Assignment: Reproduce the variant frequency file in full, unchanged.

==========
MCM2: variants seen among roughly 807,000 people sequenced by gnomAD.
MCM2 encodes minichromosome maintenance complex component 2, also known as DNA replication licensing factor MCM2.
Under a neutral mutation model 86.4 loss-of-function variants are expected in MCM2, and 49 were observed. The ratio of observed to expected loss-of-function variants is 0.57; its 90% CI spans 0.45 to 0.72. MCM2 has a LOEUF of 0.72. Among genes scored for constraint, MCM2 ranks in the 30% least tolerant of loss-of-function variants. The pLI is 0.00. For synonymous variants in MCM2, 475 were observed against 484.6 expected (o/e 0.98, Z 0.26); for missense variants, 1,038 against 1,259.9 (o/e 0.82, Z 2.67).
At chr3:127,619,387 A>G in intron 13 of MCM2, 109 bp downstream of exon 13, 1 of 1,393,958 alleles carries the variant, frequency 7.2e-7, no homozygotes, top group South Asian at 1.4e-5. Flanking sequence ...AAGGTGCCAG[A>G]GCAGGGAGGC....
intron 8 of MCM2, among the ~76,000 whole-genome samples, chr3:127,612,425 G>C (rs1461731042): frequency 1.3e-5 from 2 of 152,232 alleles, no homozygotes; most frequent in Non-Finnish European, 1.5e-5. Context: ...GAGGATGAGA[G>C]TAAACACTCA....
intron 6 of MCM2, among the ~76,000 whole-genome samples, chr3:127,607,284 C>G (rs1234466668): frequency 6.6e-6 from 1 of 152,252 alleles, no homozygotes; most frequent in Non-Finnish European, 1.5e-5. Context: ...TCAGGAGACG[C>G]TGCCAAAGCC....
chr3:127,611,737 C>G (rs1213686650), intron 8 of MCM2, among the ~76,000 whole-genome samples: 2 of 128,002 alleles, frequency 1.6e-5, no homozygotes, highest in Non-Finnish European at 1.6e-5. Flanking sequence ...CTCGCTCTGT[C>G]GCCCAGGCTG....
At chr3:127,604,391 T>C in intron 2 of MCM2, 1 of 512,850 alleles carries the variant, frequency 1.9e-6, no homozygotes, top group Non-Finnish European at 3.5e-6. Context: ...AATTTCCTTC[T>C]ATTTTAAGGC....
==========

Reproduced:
MCM2: variants seen among roughly 807,000 people sequenced by gnomAD.
MCM2 encodes minichromosome maintenance complex component 2, also known as DNA replication licensing factor MCM2.
Under a neutral mutation model 86.4 loss-of-function variants are expected in MCM2, and 49 were observed. The ratio of observed to expected loss-of-function variants is 0.57; its 90% CI spans 0.45 to 0.72. MCM2 has a LOEUF of 0.72. Among genes scored for constraint, MCM2 ranks in the 30% least tolerant of loss-of-function variants. The pLI is 0.00. For synonymous variants in MCM2, 475 were observed against 484.6 expected (o/e 0.98, Z 0.26); for missense variants, 1,038 against 1,259.9 (o/e 0.82, Z 2.67).
At chr3:127,619,387 A>G in intron 13 of MCM2, 109 bp downstream of exon 13, 1 of 1,393,958 alleles carries the variant, frequency 7.2e-7, no homozygotes, top group South Asian at 1.4e-5. Flanking sequence ...AAGGTGCCAG[A>G]GCAGGGAGGC....
intron 8 of MCM2, among the ~76,000 whole-genome samples, chr3:127,612,425 G>C (rs1461731042): frequency 1.3e-5 from 2 of 152,232 alleles, no homozygotes; most frequent in Non-Finnish European, 1.5e-5. Context: ...GAGGATGAGA[G>C]TAAACACTCA....
intron 6 of MCM2, among the ~76,000 whole-genome samples, chr3:127,607,284 C>G (rs1234466668): frequency 6.6e-6 from 1 of 152,252 alleles, no homozygotes; most frequent in Non-Finnish European, 1.5e-5. Context: ...TCAGGAGACG[C>G]TGCCAAAGCC....
chr3:127,611,737 C>G (rs1213686650), intron 8 of MCM2, among the ~76,000 whole-genome samples: 2 of 128,002 alleles, frequency 1.6e-5, no homozygotes, highest in Non-Finnish European at 1.6e-5. Flanking sequence ...CTCGCTCTGT[C>G]GCCCAGGCTG....
At chr3:127,604,391 T>C in intron 2 of MCM2, 1 of 512,850 alleles carries the variant, frequency 1.9e-6, no homozygotes, top group Non-Finnish European at 3.5e-6. Context: ...AATTTCCTTC[T>C]ATTTTAAGGC....